If they want to foster a child with the possibility of adopting if the parents’ rights are terminated, the process is much longer but costs little to nothing.
When you choose to foster with the hopes of eventually adopting the child, the state pays for all up-front costs of the adoption journey. This includes attorney, medical, documentation fees –– everything. Most states even offer a monthly adoption subsidy, Medicaid insurance, and some will offer free college tuition for the child when they graduate high school.
However, it is essential to know that even though this is the most affordable way to adopt a child, it can be a long and arduous journey. Raising a child with a significant trauma history can be quite difficult, so it is important not to go into this lightly. Make sure to research the topic and, if possible, talk to other foster parents.
How Much Does It Cost to Adopt a Child Internationally?
When it comes to international adoption, the cost involved varies. Most likely, this is because it can fluctuate at any time. For instance, as of this writing, there is a war going on in Ukraine. They are under attack by Russia.
Ukraine is listed as one of the easiest countries to adopt a child in 2022. Yet, at the moment, this is most likely not the case.
With international adoptions, they can take anywhere from 12-36 months to complete, and the cost ranges between $20,000-$60,000, with the average being around $30,000-$35,000. However, there are additional costs to consider that may fall outside the peak costs. Here is a list of necessary expenses you would need to have covered to adopt internationally.
- Immigration Application: To be eligible to adopt, you must apply with the U.S. Citizenship and Immigration Services and have your adoption application approved. You will also need to have the application to bring an eligible child into the United States approved.
- Adoption Program Fees: These fees will vary depending upon which professional agency you use. This fee will cover assessing available children, determining their legal status, caring for them before they are matched, matching them with families, and communicating with the international adoption authorities.
- Home Study: Just as in a domestic adoption, you will have to have a home study completed in order to be eligible to adopt.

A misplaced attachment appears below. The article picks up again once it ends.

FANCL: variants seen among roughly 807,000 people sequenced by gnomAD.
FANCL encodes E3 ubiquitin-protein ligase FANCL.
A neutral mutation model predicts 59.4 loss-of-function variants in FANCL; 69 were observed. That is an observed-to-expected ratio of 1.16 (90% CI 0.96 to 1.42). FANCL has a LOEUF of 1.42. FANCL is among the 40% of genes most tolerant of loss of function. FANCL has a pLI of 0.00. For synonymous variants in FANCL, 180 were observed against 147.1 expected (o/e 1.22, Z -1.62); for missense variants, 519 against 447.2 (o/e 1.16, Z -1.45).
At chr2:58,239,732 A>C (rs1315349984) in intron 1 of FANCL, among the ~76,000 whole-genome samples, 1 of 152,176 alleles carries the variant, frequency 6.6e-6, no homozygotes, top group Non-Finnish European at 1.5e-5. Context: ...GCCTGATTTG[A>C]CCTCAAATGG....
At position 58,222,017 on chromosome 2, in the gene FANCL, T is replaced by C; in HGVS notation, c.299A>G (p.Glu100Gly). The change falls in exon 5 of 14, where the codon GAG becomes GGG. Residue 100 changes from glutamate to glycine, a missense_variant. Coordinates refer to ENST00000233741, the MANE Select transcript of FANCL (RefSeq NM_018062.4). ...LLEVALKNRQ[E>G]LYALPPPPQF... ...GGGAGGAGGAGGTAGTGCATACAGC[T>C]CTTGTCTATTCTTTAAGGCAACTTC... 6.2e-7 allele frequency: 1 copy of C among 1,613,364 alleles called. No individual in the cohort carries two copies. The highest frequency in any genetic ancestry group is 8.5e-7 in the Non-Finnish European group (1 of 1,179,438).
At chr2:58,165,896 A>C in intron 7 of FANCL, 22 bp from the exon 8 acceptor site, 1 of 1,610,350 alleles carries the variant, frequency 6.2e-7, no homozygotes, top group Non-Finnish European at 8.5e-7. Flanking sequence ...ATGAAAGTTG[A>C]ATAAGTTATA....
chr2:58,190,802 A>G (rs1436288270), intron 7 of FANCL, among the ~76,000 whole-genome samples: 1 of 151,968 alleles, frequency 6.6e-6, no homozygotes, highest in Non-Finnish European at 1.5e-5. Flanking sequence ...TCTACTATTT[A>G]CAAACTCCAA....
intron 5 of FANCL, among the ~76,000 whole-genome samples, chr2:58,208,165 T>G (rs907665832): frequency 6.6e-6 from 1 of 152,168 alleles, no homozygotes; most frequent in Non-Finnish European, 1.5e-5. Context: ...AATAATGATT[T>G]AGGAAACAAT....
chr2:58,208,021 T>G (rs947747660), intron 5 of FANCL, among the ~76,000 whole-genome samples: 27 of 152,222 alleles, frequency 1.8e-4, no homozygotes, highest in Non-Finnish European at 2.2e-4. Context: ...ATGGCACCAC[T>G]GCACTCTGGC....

- Documentation and Authentication: The adoption process includes certain official documents for intercountry adoption officials.
- Travel: This is a big expense as different countries have different guidelines concerning the number of times you must visit the child before being allowed to adopt from their country. Even if it is only one visit, you need to have money and be ready at a moment’s notice to go and retrieve your child. Some countries will require you to stay in the country for a certain period of time before taking the child.
- Legal Requirements: Most legal steps in finalizing the adoption will occur in your child’s country. But you will need to complete an international re-adoption to obtain a state birth certificate that is easy to get in the event that copies are required at some point.
Is There a Risk of Corruption With International Adoption?
Unfortunately, with such high adoption fees, international adoption can be a profitable business, and many countries have governments entrenched in corruption. With this in mind, there is a possibility that a child placed with a family in adoption was kidnapped from their birth family through trafficking. This is why it is essential to investigate the agency you are working with to ensure it is a legitimate adoption agency. Another possibility is to adopt a child who is at least five years old. This will ensure that the child is old enough to have memories of their life before being adopted and will be able to communicate to you what that was like.
In conclusion, the best thing to do to make sure everything is legitimate, as well as ethical, is to research your options very carefully. Childwelfare.gov has a list of ways to assess the reputation of licensed, private adoption agencies. This is a good place to start as you seek to build your family through adoption.
Alexandra Christensen is a freelance writer and editor. When she is not working on an assignment, she can be found hanging around with other writers on Medium.com/@alexandra_creates where she writes mostly about raising foster and adopted kids and those with invisible disabilities.